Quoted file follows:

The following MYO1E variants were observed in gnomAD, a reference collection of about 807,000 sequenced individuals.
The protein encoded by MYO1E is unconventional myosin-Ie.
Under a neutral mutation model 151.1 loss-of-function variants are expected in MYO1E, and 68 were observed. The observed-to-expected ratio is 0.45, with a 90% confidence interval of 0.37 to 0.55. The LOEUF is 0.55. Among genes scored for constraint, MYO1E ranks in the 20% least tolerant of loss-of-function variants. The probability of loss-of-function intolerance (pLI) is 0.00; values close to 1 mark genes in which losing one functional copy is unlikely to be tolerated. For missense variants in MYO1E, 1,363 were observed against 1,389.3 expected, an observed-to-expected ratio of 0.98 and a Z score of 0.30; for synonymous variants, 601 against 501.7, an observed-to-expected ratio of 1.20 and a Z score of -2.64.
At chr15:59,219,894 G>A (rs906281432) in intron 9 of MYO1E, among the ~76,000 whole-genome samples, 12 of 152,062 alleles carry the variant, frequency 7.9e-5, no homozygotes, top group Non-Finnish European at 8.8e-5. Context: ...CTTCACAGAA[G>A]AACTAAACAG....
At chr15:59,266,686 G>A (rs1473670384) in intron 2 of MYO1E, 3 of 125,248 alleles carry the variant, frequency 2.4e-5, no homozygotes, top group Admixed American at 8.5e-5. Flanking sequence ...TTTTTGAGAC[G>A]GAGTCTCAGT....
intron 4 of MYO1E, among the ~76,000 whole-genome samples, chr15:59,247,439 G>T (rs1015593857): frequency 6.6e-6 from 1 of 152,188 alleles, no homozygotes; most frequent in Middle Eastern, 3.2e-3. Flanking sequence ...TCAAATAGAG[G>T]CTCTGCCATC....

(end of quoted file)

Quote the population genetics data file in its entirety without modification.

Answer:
The following MYO1E variants were observed in gnomAD, a reference collection of about 807,000 sequenced individuals.
The protein encoded by MYO1E is unconventional myosin-Ie.
Under a neutral mutation model 151.1 loss-of-function variants are expected in MYO1E, and 68 were observed. The observed-to-expected ratio is 0.45, with a 90% confidence interval of 0.37 to 0.55. The LOEUF is 0.55. Among genes scored for constraint, MYO1E ranks in the 20% least tolerant of loss-of-function variants. The probability of loss-of-function intolerance (pLI) is 0.00; values close to 1 mark genes in which losing one functional copy is unlikely to be tolerated. For missense variants in MYO1E, 1,363 were observed against 1,389.3 expected, an observed-to-expected ratio of 0.98 and a Z score of 0.30; for synonymous variants, 601 against 501.7, an observed-to-expected ratio of 1.20 and a Z score of -2.64.
At chr15:59,219,894 G>A (rs906281432) in intron 9 of MYO1E, among the ~76,000 whole-genome samples, 12 of 152,062 alleles carry the variant, frequency 7.9e-5, no homozygotes, top group Non-Finnish European at 8.8e-5. Context: ...CTTCACAGAA[G>A]AACTAAACAG....
At chr15:59,266,686 G>A (rs1473670384) in intron 2 of MYO1E, 3 of 125,248 alleles carry the variant, frequency 2.4e-5, no homozygotes, top group Admixed American at 8.5e-5. Flanking sequence ...TTTTTGAGAC[G>A]GAGTCTCAGT....
intron 4 of MYO1E, among the ~76,000 whole-genome samples, chr15:59,247,439 G>T (rs1015593857): frequency 6.6e-6 from 1 of 152,188 alleles, no homozygotes; most frequent in Middle Eastern, 3.2e-3. Flanking sequence ...TCAAATAGAG[G>T]CTCTGCCATC....